Ca2+ Imaging

We measured [Ca2+]i in microglial cells using Fluo-4 (2 μM) with the aid of a Nikon BioRadiance triple laser scanning confocal microscope. Image collection, quantification and data analysis were performed as previously described (Reference 29).

Immunoprecipitation (IP) and Western Blot (WB) Analysis

Cultured cells were lysed in pre-chilled 2×IP buffer I (Tris, 20 mM, pH 7.4; NaCl, 300 mM; EDTA, 2 mM; 2 mM EGTA, pH 8.0; 0.4 mM sodium ortho-vanadate, 2% Triton X-100; 1% NP-40; 0.4 mM PMSF) supplemented both with phosphatase and protease inhibitor cocktails. After centrifugation, the supernatants were collected and total protein concentrations were determined by the bicinchoninic acid assay (BCA). Equal amounts (250 μg) of cell lysates from each group were mixed with 20 μl (˜5 μg) of either PAR1 or PAR4 antibodies, and brought to a total volume of 1 ml in 1×IP buffer. Following a 1 hour incubation at 4° C., appropriate secondary antibody-agarose conjugates were added followed by incubation (30 min with agitation), centrifugation and sufficient washes. The pellets were resuspended in 30 μl of electrophoresis sample buffer and boiled for 5 min. The supernatants were directly used for polyacrylamide sodium dodecyl sulfate gel electrophoresis (SDS-PAGE) and WB analysis. To prepare subcellular fractions of brain samples, we homogenized fresh or fresh-frozen tissues in Tris buffered saline solution (Tris, 10 mM, pH 7.4; NaCl, 150 mM; EDTA, 1 mM; 1 mM EGTA, pH 8.0; 0.2 mM sodium ortho-vanadate) supplemented with protease inhibitor cocktails. After centrifugation (12,000 g at 4° C. for 15 min), the supernatants were collected as cytosolic fractions. The pellets were resuspended in 1×IP buffer containing protease inhibitor cocktail. Following brief sonication and centrifugation (12,000 g at 4° C. for 15 min), the supernatants were collected as membrane fractions. Both antibodies to GRK2 and GRK5 (Santa Cruz) were diluted 1:500 for WB, other routine procedures, WB for total and phospho-p44/42 MAPK, and semi-quantitative analysis of protein band density were performed as previously described (Reference 29).

Measurements of TNF-α Production

TNF-α production in microglial culture media was measured and standardized as previously described (Reference 29).

Immunocytochemistry and Semi-Quantification of GRK Subcellular Distribution

Microglial cells were seeded onto poly-L-lysine-coated 8-chamber slides at a density of 1×104/well. After various treatments, cells were immediately fixed with pre-chilled (4° C.) 5% acetic acid in methanol for 45 min at 4° C., followed by washing with PBS. The fixed cells were blocked and double-stained with phalloidin-FITC (1:1,000) and anti-GRK5 (1:500) or GRK2 (1:500). Secondary antibody-Cy3 conjugates (1:500) staining, washing, mounting and confocal microscopic visualization were performed routinely as previously described (Reference 29).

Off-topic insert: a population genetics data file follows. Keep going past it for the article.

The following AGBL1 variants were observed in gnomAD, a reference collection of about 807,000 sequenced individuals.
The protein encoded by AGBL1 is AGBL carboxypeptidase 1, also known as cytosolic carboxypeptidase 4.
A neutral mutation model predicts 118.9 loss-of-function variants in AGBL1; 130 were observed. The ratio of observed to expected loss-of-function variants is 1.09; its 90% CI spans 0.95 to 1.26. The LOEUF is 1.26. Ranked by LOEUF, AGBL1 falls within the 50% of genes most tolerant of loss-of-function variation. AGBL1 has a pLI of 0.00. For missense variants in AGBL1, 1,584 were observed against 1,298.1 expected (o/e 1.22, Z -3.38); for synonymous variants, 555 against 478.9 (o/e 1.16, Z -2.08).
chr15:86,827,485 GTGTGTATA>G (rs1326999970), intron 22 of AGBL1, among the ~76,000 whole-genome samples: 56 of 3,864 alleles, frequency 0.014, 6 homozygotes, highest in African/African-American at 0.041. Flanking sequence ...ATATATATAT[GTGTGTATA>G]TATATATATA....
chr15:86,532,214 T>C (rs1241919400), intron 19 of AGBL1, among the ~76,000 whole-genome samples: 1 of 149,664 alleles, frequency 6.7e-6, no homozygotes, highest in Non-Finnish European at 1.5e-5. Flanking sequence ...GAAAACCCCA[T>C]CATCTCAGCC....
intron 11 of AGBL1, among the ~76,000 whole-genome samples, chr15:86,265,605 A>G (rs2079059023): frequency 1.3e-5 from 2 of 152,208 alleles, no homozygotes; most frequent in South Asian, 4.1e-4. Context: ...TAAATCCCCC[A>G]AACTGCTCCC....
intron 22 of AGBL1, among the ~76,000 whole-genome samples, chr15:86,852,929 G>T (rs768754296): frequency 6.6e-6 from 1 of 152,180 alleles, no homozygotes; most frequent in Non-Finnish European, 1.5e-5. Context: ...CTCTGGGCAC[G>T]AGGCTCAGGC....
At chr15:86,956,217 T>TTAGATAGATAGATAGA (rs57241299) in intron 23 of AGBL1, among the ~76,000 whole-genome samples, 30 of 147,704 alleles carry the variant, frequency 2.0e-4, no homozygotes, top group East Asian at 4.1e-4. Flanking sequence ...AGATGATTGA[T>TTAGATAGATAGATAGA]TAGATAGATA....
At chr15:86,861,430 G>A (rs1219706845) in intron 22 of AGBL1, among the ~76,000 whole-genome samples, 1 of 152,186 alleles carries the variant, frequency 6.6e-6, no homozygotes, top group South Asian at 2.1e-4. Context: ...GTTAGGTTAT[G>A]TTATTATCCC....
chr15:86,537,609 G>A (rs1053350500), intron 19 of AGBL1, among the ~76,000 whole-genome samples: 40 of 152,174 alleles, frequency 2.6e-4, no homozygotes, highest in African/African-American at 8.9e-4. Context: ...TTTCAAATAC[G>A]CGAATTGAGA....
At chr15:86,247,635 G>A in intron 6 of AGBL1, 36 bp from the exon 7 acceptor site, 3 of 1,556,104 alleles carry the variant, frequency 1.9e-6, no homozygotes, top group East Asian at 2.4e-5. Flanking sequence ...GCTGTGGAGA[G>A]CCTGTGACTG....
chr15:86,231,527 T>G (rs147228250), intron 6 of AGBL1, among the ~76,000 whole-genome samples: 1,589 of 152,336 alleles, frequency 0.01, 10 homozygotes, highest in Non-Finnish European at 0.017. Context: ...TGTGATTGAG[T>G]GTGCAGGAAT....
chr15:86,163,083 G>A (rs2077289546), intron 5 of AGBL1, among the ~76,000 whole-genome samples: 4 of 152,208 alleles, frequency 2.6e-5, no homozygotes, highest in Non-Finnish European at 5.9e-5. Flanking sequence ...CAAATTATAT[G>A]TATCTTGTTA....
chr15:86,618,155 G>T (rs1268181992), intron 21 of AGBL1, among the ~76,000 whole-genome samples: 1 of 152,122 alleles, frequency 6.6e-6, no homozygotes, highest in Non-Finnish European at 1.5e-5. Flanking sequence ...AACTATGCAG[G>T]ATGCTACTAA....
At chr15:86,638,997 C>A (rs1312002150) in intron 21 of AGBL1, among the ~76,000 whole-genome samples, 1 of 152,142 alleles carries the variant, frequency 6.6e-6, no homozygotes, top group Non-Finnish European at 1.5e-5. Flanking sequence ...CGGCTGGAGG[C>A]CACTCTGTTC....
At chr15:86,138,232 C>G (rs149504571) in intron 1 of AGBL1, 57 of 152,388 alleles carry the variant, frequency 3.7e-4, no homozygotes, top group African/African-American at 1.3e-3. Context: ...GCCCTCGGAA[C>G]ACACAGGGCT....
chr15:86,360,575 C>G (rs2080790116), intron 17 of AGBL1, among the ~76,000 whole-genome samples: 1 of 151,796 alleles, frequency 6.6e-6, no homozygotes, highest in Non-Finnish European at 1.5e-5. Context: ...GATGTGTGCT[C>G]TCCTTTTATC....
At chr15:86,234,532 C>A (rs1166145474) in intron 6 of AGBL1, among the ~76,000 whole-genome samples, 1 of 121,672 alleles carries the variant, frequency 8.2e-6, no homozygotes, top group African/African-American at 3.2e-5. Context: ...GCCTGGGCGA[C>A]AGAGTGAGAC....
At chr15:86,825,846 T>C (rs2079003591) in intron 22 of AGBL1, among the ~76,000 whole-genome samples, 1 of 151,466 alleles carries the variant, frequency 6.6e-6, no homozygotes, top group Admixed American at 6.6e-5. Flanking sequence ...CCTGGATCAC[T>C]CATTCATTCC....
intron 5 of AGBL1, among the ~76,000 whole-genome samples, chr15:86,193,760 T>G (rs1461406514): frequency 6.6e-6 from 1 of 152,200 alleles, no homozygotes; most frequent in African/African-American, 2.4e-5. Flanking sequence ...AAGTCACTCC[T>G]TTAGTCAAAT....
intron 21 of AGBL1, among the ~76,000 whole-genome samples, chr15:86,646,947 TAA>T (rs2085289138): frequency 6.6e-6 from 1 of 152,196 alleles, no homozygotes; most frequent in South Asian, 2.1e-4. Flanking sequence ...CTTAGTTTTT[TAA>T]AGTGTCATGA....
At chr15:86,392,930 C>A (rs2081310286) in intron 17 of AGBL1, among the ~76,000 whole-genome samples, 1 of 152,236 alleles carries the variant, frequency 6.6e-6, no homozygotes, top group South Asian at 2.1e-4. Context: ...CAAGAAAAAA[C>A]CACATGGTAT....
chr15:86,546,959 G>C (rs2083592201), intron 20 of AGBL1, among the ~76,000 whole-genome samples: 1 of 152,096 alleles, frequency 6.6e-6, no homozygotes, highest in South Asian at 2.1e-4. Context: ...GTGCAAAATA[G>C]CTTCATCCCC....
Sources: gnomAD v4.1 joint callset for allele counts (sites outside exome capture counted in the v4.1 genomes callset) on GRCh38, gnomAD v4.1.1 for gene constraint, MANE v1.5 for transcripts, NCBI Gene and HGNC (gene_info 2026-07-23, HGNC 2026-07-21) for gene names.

GRK subcellular distribution in sAβ-treated microglial cells were semi-quantified according to a previously-published method (Reference 18) with slight modifications. As shown in FIGS. 3A and B, the dotted-line boxes indicate examples of the cells that were chosen for the semi-quantification. Briefly, the selected cell image corresponding to GRK staining, was copied, enlarged, inverted and rotated to an appropriate position for quantification with NIH Image. As shown in FIGS. 3C and D, linear slices (5-10/each cell) across the cell were profiled to estimate GRK subcellular distribution. FIGS. 3E and F show the examples of profiles for the solid-line indicated levels in FIGS. 3C and D, respectively. The dark and light grey areas in FIGS. 3E and F represent membrane and Cyto, respectively. The sum of areas for membrane and Cyto from all slices in each cell represents GRK subcellular distribution in this particular cell. For each treatment, 20 randomly selected cells were quantified and the average data were shown. FIG. 3G shows the GRK5 subcellular distribution with and without sAβ treatment.

Statistical Analysis

All qualitative experiments (i.e., WB, IP, ICC) were repeated at least three times for each sample or treatment, and all WBs and ICC for GRK5 and GRK2 were also subjected to semi-quantitative analysis to ensure maximal accuracy of the conclusion drawn from these data. Calcium imaging data were averages taken from three separate experiments. TNF-α measurements were repeated once with total n=6 for each treatment. Quantitative data are expressed as mean±S.E.M. and analyzed by ANOVA using StatView 6.0 (Abacus Systems, Mountain View, Calif.). Post-hoc comparisons of means were made using Scheffe's or Tukey's method where appropriate.